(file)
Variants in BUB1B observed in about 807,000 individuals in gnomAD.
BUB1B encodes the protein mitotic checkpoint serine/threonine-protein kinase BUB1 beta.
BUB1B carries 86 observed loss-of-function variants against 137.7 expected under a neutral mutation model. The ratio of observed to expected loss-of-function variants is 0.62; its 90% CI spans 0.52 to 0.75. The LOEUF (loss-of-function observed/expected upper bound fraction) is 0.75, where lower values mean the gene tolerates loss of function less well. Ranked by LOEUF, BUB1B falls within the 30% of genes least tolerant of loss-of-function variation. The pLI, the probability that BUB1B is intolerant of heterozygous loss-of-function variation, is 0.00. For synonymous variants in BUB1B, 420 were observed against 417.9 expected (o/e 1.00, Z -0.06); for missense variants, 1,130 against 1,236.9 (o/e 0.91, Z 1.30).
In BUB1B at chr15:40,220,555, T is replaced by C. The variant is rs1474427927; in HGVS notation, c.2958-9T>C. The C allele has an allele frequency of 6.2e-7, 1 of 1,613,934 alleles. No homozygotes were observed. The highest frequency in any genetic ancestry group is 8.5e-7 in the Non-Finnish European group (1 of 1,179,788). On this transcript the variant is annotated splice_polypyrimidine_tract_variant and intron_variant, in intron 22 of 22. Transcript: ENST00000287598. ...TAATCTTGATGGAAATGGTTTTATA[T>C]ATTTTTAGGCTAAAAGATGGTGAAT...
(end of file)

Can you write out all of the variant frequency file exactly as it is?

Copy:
Variants in BUB1B observed in about 807,000 individuals in gnomAD.
BUB1B encodes the protein mitotic checkpoint serine/threonine-protein kinase BUB1 beta.
BUB1B carries 86 observed loss-of-function variants against 137.7 expected under a neutral mutation model. The ratio of observed to expected loss-of-function variants is 0.62; its 90% CI spans 0.52 to 0.75. The LOEUF (loss-of-function observed/expected upper bound fraction) is 0.75, where lower values mean the gene tolerates loss of function less well. Ranked by LOEUF, BUB1B falls within the 30% of genes least tolerant of loss-of-function variation. The pLI, the probability that BUB1B is intolerant of heterozygous loss-of-function variation, is 0.00. For synonymous variants in BUB1B, 420 were observed against 417.9 expected (o/e 1.00, Z -0.06); for missense variants, 1,130 against 1,236.9 (o/e 0.91, Z 1.30).
In BUB1B at chr15:40,220,555, T is replaced by C. The variant is rs1474427927; in HGVS notation, c.2958-9T>C. The C allele has an allele frequency of 6.2e-7, 1 of 1,613,934 alleles. No homozygotes were observed. The highest frequency in any genetic ancestry group is 8.5e-7 in the Non-Finnish European group (1 of 1,179,788). On this transcript the variant is annotated splice_polypyrimidine_tract_variant and intron_variant, in intron 22 of 22. Transcript: ENST00000287598. ...TAATCTTGATGGAAATGGTTTTATA[T>C]ATTTTTAGGCTAAAAGATGGTGAAT...